Fundraising for Colorado flood victims lags far behind need

fundraising colorado flood
Red Cross workers survey the flood damage at a home in Evans, Co.

Fundraising efforts for victims of the Colorado floods have fallen far short of the billions of dollars in estimated damage.

Last month's historic flood damaged nearly 20,000 homes -- roughly 1,500 of which are completely destroyed -- and displaced more than 10,000 residents. The total economic toll is estimated to be more than $2 billion, according to Eqecat, which conducts loss estimates for the insurance industry.

Yet, major aid organizations have raised less than $7 million for Colorado flood relief thus far.

The Red Cross had raised only $3 million as of last Thursday. Meanwhile, the Salvation Army has raised about $1 million through online and phone donations, while a relief fund set up by a local United Way chapter for efforts specifically in Boulder and Broomfield counties has raised just $2.1 million.

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"We still have a long way to go to be able to provide the recovery assistance we project in the coming months," said Heather Spencer, communications manager for the Foothills United Way.

Within a couple of months, more than $60 million in donations poured in to a fund set up to help the victims of April's Boston Marathon bombing. And when the tornadoes hit Oklahoma in May, causing between $2 billion and $5 billion in damage, the Red Cross and Salvation Army received more than $46 million in donations.

Laura Howe, vice president of public relations for the Red Cross, said floods are typically one of the trickiest kinds of disaster to raise money for.

"While floods do cause this tremendous amount of devastation, they tend not to get the level of public attention that other disasters receive," she said. "We don't want people to forget the fact that those communities that are affected are greatly in need right now."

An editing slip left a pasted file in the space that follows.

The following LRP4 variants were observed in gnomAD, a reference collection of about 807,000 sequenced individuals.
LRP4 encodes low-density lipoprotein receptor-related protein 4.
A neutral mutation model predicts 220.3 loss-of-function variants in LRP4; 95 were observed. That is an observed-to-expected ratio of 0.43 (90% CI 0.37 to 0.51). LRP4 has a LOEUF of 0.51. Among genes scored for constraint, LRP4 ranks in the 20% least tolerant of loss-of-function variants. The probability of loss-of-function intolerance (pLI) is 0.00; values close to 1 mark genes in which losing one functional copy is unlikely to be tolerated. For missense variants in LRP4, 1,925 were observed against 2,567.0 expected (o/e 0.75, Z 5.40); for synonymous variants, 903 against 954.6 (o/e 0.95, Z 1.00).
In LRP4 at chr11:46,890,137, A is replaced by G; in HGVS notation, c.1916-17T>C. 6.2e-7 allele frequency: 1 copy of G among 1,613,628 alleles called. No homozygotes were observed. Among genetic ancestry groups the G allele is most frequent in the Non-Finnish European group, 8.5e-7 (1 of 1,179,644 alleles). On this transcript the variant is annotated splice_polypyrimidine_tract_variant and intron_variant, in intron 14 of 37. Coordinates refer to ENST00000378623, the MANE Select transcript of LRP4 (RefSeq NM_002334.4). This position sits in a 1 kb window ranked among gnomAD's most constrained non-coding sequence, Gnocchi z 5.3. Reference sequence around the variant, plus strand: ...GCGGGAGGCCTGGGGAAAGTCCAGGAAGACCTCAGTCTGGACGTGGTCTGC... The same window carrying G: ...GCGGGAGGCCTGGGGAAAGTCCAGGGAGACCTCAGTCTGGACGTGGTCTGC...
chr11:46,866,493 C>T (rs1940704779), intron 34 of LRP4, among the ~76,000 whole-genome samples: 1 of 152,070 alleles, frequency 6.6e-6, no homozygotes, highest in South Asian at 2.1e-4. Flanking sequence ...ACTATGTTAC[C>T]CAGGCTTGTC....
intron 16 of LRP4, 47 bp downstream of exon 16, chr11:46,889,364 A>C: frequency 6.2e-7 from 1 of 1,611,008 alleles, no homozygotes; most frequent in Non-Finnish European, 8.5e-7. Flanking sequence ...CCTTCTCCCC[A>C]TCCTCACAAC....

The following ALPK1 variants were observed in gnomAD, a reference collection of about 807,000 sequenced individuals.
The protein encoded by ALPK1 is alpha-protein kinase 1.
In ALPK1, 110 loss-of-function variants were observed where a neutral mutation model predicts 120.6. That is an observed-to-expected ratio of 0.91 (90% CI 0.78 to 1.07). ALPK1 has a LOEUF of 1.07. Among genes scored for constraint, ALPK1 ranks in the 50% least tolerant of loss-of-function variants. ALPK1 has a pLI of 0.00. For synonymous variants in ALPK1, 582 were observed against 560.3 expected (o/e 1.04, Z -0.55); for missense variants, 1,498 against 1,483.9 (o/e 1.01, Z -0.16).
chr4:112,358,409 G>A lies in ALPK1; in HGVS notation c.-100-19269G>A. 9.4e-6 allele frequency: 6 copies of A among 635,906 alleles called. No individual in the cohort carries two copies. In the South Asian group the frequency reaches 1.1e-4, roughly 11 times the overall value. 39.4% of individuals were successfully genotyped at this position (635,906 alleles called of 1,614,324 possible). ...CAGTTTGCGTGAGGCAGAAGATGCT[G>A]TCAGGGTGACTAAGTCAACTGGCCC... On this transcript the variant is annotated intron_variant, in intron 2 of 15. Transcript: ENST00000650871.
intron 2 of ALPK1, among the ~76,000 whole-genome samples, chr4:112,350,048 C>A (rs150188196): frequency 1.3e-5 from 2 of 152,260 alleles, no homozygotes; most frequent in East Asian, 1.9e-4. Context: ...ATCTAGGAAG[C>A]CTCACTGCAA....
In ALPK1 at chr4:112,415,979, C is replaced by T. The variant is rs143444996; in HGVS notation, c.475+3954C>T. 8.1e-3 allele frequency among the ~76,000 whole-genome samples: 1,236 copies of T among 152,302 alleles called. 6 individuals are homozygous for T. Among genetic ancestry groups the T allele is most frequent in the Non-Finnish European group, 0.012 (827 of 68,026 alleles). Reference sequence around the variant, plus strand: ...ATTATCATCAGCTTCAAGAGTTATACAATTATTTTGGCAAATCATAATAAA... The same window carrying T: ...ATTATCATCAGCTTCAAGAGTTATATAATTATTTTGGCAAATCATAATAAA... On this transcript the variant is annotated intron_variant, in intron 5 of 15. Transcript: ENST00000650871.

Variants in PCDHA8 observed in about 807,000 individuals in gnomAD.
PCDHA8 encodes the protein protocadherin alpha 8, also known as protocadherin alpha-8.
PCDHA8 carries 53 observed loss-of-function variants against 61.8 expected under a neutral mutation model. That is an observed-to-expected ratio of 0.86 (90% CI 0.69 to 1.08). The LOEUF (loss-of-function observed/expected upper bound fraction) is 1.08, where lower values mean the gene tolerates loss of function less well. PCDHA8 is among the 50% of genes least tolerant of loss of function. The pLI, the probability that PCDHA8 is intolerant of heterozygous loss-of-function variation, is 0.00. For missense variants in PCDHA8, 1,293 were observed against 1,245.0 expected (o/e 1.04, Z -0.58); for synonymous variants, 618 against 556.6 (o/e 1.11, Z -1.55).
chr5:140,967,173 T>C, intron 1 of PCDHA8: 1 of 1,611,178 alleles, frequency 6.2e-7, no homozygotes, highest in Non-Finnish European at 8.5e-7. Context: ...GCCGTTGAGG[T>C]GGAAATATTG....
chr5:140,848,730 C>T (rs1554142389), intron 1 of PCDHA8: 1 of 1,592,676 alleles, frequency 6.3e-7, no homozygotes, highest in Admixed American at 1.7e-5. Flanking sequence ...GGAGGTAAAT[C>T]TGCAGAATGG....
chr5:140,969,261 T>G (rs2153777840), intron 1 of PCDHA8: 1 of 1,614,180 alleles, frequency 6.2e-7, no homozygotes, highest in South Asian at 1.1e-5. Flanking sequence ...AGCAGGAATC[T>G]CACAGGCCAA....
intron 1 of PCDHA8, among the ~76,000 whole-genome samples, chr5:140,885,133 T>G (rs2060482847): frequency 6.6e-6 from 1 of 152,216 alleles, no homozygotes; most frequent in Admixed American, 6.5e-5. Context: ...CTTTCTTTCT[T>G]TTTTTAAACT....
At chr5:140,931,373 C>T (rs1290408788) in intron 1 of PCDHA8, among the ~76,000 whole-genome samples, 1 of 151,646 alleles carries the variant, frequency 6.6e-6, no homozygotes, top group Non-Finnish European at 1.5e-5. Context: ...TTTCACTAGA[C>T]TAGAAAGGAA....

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But now that the news cycle has moved on to other events (like the government shutdown), potential donors aren't being exposed to the emotional images that often provoke giving, said Stacy Palmer, editor of The Chronicle of Philanthropy. "People respond when they see something really horrible and then want to give," she said.

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Property damage caused by a flood is only covered by insurance provided by the Federal Emergency Management Agency's National Flood Insurance Program and is required of homeowners who live in high-risk areas. However, since many of the damaged homes in Colorado were not in flood-prone areas, it is unlikely they are covered.

Drawn to the quirky wallpaper and old wooden floors, newlyweds Philip and Kallie Rand bought their more than 100-year-old home in Longmont, Colo., in January for about $170,000. Now, they're grappling with the extensive damage left behind after three feet of muddy water filled their home. It could be months before they are able to return

Making matters worse, the home was not covered by flood insurance.

"Not only did they lose all of their belongings, but they are fighting for their house," said Kallie's mother Mary Kessler, who organized an online fundraising campaign, which has raised $1,550 so far.

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Much of the fundraising in Colorado is being fueled by grassroots efforts, like a recent telethon and several benefit concerts.

Some have also turned online for help. Kessler is one of dozens family members and friends who are spearheading fundraisers on crowdfunding websites. As of Monday, Colorado-related campaigns on had raised $260,000, while those on competing site had raised an additional $168,000.

Florida resident Robin Lilly has raised almost $10,000 to help her friend Jenna Brink, who lived and worked in the devastated mountain town of Lyons. Much of the trailer park Brink lived in was destroyed, and she will likely have to wait months before she can return to work at her hair salon.

"Some people aren't even aware of the fact that there was flooding or how bad it was," Lilly said. "An entire town is completely shut down."

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